Lahore Hosts Asia Pacific Judicial Colloquium: Applying Environmental Constitutionalism for Climate Justice

Senior Judges in the Asia Pacific region convened with eminent legal and policy experts from around the world on 26-27 February 2018 in Lahore, Pakistan to increase dialogue and build the capacity of judges to use constitutions to advance environmental rights and achieve climate justice.

Asia Pacific Judicial Colloquium

The Asia Pacific Judicial Colloquium on Climate Change: Using Constitutions to Advance Environmental Rights and Achieve Climate Justice was hosted by the Lahore High Court in Pakistan on 26-27 February 2018. The meeting was the third part of a regional series promoted by the Environmental Rights Initiative supported by UN Environment under the leadership of the UN Special Rapporteur on Human Rights and the Environment John Knox, and took place within the framework of the Asian Development Bank's (ADB) Asian Judges Network on the Environment (AJNE). Several members of WCEL and the Global Judicial Institute on the Environment (GJIE)  Interim Governing Committee contributed their expertise over the course of the seven sessions by sharing experiences and identifying opportunities to enhance judicial capacity in environmental constitutionalism to specifically address the threat of climate change.

The Colloquium started on 26 February with welcoming remarks from Justice Yaawar Ali, Chief Justice of the Lahore High Court; Elizabeth Mrema, Director of the Law Division, UN Environment and WCEL Steering Committee Member; and Sunil Mitra, Deputy Country Director, Pakistan Resident Mission, ADB. Professor James R. May, Widener University Delaware Law School and WCEL Member then provided participants with an introduction of the topics and planned discussions (For a copy of the program, see here). A special video address was then given by Justice Antonio Herman Benjamin, Member of the National High Court of Brazil, WCEL Chair, and Member of the GJIE Interim Governing Committee, conveying the importance of the GJIE to support judges in achieving environmental justice. The session concluded with an address by Justice Syed Mansoor Ali Shah, Member of Supreme Court of Pakistan and Member of the GJIE Interim Governing Committee, entitled "Environmental and Climate Justice - A perspective from Pakistan" (For a text of the address, see "Downloads" section of this website).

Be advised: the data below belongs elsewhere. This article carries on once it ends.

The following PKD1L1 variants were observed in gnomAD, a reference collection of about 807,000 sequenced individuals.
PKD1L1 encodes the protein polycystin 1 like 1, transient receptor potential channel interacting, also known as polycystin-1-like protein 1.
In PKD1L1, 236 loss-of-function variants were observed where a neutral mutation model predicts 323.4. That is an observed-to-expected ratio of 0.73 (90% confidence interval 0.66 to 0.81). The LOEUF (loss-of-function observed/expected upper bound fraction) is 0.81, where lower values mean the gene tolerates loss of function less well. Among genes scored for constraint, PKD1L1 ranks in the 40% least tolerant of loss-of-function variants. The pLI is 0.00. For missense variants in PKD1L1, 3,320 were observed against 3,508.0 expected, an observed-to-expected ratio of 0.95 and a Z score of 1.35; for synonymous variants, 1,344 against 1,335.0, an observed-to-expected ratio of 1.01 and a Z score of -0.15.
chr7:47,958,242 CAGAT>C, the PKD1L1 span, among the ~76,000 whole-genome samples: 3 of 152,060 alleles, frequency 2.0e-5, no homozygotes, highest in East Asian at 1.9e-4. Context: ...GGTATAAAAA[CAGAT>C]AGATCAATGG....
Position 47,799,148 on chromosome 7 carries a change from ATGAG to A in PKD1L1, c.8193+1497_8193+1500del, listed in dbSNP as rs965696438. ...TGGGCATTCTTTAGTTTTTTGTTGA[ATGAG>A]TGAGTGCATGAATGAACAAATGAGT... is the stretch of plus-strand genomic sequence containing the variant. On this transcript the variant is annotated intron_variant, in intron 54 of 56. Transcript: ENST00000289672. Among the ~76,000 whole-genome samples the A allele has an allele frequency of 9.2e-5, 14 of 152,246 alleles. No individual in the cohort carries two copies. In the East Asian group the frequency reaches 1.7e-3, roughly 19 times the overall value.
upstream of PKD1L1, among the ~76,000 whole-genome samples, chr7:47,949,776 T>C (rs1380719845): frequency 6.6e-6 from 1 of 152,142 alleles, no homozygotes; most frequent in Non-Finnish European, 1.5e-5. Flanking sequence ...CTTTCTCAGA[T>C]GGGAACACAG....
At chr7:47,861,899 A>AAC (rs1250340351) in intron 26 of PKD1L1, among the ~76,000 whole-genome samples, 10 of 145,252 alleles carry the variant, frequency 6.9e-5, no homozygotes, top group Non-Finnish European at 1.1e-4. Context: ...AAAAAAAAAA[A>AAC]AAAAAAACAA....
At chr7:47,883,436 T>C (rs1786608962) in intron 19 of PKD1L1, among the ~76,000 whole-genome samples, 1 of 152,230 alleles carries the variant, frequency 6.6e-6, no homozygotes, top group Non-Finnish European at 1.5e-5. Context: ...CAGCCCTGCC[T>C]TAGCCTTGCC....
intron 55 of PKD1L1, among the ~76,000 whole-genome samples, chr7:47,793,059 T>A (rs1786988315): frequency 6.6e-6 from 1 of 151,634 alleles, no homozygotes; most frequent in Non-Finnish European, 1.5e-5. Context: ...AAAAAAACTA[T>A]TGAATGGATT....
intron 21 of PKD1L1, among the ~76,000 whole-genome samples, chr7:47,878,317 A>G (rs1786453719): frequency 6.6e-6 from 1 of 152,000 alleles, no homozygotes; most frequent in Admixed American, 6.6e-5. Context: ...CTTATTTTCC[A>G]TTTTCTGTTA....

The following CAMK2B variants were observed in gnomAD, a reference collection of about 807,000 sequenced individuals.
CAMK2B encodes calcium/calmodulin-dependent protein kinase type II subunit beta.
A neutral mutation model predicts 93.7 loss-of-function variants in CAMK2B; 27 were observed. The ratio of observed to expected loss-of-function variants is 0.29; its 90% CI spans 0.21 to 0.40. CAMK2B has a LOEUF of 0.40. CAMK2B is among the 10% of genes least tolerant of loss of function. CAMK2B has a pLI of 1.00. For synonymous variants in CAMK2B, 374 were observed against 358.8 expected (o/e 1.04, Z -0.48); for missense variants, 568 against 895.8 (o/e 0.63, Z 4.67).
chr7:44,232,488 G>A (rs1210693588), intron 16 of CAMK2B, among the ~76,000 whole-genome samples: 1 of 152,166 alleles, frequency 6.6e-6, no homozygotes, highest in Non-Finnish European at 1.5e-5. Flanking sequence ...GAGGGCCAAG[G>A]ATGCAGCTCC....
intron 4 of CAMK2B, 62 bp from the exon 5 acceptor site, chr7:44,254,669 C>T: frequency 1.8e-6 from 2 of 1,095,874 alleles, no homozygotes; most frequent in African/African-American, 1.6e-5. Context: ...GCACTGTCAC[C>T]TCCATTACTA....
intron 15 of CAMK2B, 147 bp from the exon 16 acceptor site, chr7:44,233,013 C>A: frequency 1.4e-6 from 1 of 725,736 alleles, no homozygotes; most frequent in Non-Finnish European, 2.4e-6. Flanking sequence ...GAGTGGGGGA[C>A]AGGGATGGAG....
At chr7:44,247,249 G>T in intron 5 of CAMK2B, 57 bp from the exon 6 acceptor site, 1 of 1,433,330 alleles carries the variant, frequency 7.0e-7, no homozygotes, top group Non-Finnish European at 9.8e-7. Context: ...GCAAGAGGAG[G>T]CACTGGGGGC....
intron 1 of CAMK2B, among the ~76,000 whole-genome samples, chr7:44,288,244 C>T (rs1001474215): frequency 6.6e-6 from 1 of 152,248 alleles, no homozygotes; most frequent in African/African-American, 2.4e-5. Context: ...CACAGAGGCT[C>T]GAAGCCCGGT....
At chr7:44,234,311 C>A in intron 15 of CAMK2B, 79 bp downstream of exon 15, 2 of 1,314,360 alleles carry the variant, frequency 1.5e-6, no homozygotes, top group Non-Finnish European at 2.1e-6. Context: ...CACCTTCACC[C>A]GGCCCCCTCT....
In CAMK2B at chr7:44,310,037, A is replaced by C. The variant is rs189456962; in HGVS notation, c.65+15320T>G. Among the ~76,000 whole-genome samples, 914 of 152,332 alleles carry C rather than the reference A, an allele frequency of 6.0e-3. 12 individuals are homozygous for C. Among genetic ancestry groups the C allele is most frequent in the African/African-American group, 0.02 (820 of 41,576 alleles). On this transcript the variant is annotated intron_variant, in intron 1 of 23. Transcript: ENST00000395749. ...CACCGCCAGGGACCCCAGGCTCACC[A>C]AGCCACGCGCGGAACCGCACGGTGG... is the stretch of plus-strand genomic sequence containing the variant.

Building upon the guidance of UN Environment's Judicial Handbook on Environmental Constitutionalism indicating that nearly 100 national constitutions guarantee environmental rights in some form, the first day of the Colloquium featured topics and speakers including:

  • "The Interdependence of Human Rights and the Environment" by Professor John Knox, UN Special Rapporteur on Human Rights and the Environment;
  • "Judicial Commissions and Climate Justice in Pakistan" by Dr. Parvez Hassan, Chairperson, Pakistan Climate Change Commission and WCEL Chair Emeritus (For a text of the address, see "Downloads" section of this website); 
  • "Climate Justice for Future Generations" by Antonio Oposa, Jr., Environmental Lawyer, Philippines and WCEL Member;
  • "Climate Justice and the Global Pact for the Environment" by Lord Robert Carnwath, Justice of the UK Supreme Court and Member of the GJIE Interim Governing Committee (For a text of the address, see "Downloads" section of this website);